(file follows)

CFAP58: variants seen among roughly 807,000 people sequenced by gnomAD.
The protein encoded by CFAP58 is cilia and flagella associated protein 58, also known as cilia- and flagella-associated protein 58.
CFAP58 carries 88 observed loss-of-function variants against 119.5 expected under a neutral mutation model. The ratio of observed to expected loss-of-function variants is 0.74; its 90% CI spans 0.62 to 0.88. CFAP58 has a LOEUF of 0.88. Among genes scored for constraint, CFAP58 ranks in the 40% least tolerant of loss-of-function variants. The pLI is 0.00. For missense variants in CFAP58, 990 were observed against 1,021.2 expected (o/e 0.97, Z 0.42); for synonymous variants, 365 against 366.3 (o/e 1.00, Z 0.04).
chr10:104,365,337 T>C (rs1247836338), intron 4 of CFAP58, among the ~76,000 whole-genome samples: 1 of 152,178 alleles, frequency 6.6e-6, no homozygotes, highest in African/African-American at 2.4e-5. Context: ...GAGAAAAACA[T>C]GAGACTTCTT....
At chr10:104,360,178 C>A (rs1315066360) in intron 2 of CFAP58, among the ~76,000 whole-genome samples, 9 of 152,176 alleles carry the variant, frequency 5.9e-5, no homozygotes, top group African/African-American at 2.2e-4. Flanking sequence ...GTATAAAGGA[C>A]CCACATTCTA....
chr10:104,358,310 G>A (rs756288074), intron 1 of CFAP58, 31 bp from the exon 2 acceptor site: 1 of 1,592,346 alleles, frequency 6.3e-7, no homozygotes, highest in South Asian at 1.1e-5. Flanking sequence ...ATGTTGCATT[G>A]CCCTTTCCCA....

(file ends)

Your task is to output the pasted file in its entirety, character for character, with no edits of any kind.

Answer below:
CFAP58: variants seen among roughly 807,000 people sequenced by gnomAD.
The protein encoded by CFAP58 is cilia and flagella associated protein 58, also known as cilia- and flagella-associated protein 58.
CFAP58 carries 88 observed loss-of-function variants against 119.5 expected under a neutral mutation model. The ratio of observed to expected loss-of-function variants is 0.74; its 90% CI spans 0.62 to 0.88. CFAP58 has a LOEUF of 0.88. Among genes scored for constraint, CFAP58 ranks in the 40% least tolerant of loss-of-function variants. The pLI is 0.00. For missense variants in CFAP58, 990 were observed against 1,021.2 expected (o/e 0.97, Z 0.42); for synonymous variants, 365 against 366.3 (o/e 1.00, Z 0.04).
chr10:104,365,337 T>C (rs1247836338), intron 4 of CFAP58, among the ~76,000 whole-genome samples: 1 of 152,178 alleles, frequency 6.6e-6, no homozygotes, highest in African/African-American at 2.4e-5. Context: ...GAGAAAAACA[T>C]GAGACTTCTT....
At chr10:104,360,178 C>A (rs1315066360) in intron 2 of CFAP58, among the ~76,000 whole-genome samples, 9 of 152,176 alleles carry the variant, frequency 5.9e-5, no homozygotes, top group African/African-American at 2.2e-4. Flanking sequence ...GTATAAAGGA[C>A]CCACATTCTA....
chr10:104,358,310 G>A (rs756288074), intron 1 of CFAP58, 31 bp from the exon 2 acceptor site: 1 of 1,592,346 alleles, frequency 6.3e-7, no homozygotes, highest in South Asian at 1.1e-5. Flanking sequence ...ATGTTGCATT[G>A]CCCTTTCCCA....